9. Shopping and retail
The Internet of Things is a means for consumers to connect with retailers to provide an experience beyond the physical store. Interacting with smartphones and guiding consumers through stores to ease their shopping is another benefit of IoT.
10. Energy Engagement
Power grids with IoT are expected not just to be robust but also reliable. Smart grids will be capable of collecting and analyzing data to improve efficiency for consumers and suppliers.
A better-distributed energy system will also be a factor in developing smart cities.
The importance of the Internet of Things
The Internet of Things, at present, has a significant influence on human life and work. In recent years, it has become one of the most important technologies of the 21st century. By connecting so many things through the internet, information is sent faster, which enables people to live and work smarter.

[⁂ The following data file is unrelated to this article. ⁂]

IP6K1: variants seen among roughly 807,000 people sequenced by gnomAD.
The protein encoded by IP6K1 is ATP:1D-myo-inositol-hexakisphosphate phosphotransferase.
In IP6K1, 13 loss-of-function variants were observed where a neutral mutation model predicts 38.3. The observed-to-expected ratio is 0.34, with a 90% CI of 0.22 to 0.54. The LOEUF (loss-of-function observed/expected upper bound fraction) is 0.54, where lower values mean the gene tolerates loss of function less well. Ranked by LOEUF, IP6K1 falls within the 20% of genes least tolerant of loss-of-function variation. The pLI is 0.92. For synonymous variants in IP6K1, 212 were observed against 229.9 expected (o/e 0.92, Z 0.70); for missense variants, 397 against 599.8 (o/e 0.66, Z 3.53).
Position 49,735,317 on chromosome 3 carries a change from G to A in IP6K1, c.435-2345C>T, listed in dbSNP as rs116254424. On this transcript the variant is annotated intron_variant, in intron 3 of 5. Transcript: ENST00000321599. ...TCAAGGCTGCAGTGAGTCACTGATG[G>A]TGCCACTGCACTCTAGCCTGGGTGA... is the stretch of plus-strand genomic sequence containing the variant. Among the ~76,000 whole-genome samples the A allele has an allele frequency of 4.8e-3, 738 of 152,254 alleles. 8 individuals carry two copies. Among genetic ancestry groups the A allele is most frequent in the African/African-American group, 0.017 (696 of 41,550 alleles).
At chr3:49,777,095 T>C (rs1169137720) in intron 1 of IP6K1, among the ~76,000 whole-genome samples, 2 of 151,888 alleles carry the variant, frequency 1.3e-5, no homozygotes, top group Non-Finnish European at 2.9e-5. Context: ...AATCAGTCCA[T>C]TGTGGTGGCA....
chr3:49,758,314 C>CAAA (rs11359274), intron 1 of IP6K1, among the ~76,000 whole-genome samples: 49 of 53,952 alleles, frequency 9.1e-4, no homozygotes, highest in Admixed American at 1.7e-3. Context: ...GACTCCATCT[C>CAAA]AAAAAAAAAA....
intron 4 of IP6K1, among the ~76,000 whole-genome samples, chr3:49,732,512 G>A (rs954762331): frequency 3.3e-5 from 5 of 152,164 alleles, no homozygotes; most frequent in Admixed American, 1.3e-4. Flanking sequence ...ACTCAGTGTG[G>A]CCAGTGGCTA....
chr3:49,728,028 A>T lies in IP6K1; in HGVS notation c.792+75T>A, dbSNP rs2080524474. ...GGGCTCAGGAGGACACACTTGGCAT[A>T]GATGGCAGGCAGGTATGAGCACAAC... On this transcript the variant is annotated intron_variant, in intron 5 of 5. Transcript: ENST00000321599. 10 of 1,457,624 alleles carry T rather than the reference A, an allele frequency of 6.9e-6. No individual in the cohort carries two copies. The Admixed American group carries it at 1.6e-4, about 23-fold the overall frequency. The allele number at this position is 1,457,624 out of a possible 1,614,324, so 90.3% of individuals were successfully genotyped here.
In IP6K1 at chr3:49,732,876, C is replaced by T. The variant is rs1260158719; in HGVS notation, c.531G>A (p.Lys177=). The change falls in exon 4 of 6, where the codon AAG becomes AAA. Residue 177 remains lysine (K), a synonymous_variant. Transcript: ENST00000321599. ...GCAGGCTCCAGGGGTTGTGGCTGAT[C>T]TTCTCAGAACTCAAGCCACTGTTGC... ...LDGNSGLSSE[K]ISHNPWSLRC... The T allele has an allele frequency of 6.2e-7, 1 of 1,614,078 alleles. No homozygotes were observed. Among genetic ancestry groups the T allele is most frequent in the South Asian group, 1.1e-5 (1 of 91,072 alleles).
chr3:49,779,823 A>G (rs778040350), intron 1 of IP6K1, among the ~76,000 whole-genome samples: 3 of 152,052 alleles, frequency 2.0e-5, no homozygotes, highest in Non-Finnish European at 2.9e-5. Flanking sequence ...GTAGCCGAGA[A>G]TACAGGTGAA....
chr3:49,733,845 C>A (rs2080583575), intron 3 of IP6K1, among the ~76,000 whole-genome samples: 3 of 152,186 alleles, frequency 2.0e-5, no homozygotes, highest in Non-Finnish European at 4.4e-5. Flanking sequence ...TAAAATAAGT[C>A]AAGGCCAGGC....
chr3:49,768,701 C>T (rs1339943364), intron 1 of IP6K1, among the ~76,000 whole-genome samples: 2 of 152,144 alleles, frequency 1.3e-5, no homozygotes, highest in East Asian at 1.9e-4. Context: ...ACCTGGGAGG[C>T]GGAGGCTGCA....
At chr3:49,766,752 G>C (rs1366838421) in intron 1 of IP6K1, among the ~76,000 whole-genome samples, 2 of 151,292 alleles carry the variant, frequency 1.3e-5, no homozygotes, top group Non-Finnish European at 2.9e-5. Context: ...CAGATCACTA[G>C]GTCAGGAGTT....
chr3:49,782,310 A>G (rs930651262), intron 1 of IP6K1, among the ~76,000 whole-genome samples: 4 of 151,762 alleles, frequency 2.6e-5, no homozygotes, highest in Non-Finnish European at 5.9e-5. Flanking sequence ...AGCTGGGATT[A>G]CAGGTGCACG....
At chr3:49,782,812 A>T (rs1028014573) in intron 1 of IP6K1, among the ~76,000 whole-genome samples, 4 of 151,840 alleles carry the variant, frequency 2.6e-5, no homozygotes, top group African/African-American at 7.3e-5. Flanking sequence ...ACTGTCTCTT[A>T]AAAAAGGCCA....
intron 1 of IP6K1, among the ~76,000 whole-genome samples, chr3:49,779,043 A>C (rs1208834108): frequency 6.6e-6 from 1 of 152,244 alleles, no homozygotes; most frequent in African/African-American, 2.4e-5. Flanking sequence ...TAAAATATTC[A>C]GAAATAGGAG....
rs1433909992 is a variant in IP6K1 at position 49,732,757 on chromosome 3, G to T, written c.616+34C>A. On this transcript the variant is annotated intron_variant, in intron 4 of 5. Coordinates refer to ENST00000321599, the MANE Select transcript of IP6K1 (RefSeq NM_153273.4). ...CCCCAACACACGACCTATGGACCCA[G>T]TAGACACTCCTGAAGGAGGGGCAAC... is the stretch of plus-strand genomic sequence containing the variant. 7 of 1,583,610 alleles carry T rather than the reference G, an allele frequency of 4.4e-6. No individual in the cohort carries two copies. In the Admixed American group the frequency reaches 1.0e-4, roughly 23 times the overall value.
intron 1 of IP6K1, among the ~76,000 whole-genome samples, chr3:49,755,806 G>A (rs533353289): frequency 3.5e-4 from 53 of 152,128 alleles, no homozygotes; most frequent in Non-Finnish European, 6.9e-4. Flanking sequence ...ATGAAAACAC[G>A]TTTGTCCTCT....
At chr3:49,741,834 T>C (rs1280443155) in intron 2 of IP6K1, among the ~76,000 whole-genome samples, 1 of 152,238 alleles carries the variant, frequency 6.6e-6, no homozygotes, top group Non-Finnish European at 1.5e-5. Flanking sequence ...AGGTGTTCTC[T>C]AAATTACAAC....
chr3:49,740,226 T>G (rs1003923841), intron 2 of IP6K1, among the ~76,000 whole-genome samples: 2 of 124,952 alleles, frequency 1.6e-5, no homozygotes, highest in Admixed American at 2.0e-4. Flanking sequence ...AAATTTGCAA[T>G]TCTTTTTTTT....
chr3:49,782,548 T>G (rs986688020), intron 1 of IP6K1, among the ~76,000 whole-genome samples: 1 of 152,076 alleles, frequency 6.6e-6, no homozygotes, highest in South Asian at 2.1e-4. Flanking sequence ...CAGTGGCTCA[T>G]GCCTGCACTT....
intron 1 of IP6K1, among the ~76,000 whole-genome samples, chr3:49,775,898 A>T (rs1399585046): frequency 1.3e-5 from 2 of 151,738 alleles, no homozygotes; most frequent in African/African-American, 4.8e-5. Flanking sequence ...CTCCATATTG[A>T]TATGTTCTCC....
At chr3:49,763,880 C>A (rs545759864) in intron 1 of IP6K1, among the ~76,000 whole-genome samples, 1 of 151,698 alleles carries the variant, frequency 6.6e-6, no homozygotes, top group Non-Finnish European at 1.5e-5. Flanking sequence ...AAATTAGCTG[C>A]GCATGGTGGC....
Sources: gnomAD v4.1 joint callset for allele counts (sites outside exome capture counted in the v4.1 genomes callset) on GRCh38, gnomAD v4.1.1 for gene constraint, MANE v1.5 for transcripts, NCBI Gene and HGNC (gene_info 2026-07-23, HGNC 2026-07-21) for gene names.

IoT also benefits businesses, giving them an introspective look at how their systems work. Extremely extensive, it delivers insights from machine performance to supply chain and logistics operations.
Information systems can run smoothly with IoT. Data can be shared between the cloud and more physical technologies, all with little human intervention.
The physical world meets the digital world, and they coexist. As more organizations utilize it, the possibilities will only begin to grow.